On some level it must be daunting to play in a piano trio with bassist Gary Peacock
. He's a longtime member of the Keith Jarrett
Standards Trio (with drummer Jack DeJohnette
), arguably the definitive contemporary piano trio. Before that, he worked with the great Bill Evans
, and with iconoclast Paul Bley
(often in the company of drummer Paul Motian
But this group has its own history: he and pianist Marc Copland
have an extensive discography together since 2008, and all three players have worked together in various combinations. Drummer Joey Baron
has shown an ability to adapt to a variety of musical circumstances, with this session displaying him at his most lyrical and sensitive. Peacock clearly enjoys working in the trio format: Now This
was recorded in time for release by his 80th birthday.
The group revisits some Peacock classicsthe only "birthday" aspect of the programbut there are several recent compositions by Peacock, as well as contributions from Copland and Baron, plus one very appropriate cover. The opener "Gaia" is one of the old tunes, a lilting waltz which was titled "Gaya" when it appeared on Oracle
(ECM, 1993) in duet with guitarist Ralph Towner
. It's a catchy, memorable theme, and an excellent choice to begin the program.
The next four tunes are recent, and are a bit more in the expected atmospheric ECM style. Peacock contributes "Shadows" and "This," and Copland's first tune on the album is "And Now." The group approach makes them sound as if they came from the same pen: it's an egalitarian, group sound, with all the members engaged in an equal conversation. Baron's "Esprit de Muse" is notable for opening with a bass soloand the drum part is restrained, played with brushes. He contributes a similarly tasteful melodic drum solo to Copland's "Noh Blues."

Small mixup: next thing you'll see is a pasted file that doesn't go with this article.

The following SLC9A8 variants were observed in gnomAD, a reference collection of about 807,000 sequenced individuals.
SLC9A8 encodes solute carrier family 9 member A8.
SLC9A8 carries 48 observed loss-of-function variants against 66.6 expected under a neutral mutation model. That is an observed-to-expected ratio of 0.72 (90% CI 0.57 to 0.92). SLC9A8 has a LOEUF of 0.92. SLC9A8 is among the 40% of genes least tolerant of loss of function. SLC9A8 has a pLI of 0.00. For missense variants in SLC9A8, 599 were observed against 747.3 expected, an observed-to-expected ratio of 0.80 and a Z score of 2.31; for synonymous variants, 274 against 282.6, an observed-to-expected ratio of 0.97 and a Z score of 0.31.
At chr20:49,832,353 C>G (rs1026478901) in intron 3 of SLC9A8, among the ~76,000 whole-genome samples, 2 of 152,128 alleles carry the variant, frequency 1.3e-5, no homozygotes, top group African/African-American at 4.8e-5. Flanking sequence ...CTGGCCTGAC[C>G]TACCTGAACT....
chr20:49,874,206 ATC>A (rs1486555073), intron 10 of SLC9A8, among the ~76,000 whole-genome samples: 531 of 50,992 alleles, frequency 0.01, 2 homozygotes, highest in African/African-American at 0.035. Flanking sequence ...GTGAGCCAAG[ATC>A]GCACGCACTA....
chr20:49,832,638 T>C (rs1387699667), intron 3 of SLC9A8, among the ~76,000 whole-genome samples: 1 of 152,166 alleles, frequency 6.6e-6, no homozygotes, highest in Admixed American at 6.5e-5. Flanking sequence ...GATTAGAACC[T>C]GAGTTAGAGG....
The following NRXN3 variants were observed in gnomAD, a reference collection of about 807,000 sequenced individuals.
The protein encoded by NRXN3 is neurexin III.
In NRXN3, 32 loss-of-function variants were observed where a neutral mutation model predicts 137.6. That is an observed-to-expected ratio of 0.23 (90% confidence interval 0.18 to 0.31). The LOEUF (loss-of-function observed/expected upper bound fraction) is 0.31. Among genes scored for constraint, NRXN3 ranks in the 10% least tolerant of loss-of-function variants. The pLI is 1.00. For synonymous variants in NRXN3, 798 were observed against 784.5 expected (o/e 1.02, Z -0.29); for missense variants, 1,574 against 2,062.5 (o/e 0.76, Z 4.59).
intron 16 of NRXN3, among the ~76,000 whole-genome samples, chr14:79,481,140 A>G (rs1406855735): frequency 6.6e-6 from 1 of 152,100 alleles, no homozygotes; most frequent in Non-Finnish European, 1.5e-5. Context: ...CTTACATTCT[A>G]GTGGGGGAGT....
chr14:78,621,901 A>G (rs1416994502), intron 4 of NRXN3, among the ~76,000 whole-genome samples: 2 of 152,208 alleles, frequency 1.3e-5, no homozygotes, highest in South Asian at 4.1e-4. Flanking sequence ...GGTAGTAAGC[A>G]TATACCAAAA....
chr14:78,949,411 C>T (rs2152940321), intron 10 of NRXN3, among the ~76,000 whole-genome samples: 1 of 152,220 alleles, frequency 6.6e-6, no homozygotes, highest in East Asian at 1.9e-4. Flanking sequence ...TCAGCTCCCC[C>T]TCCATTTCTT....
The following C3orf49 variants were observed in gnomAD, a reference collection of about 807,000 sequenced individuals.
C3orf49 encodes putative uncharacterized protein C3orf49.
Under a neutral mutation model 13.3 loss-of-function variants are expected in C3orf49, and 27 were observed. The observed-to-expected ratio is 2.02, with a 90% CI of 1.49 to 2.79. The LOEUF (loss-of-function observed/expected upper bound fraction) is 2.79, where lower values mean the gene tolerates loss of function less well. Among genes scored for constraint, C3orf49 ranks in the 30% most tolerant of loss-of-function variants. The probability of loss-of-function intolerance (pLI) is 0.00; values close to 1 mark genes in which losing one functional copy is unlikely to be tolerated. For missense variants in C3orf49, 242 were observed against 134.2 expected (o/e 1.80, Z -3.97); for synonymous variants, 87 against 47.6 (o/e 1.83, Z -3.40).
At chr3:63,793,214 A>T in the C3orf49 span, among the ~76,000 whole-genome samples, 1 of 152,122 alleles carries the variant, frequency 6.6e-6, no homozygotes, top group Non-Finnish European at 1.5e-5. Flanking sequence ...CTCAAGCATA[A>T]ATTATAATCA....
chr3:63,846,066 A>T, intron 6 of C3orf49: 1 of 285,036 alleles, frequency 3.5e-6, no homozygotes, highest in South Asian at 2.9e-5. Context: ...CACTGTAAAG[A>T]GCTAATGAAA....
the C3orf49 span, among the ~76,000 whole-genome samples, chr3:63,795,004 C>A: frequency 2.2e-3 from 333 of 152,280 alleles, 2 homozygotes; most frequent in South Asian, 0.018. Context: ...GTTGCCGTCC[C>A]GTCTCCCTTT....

"Moor" is another recognizable theme from earlier Peacock recordings. The arrangement builds to a kind of anticlimax: a bass solo accompanied by sparse piano and drums, rather than something loud and dramatic. The other revisited pieces are "Vignette" and "Requiem" (a stately theme that is striking, but not especially requiem-like).
The cover of bassist Scott LaFaro
's "Gloria's Step" recalls Peacock's time with Bill Evans, so it's an especially appropriate choice for a cover. It's also a memorable theme, which adds a nice contrast to the more atmospheric material in the program. This trio bears Gary Peacock's name, but it is very much a collective of composers and improvisers. These players are always in the present: listening, reacting, knowing when to play and when not to play.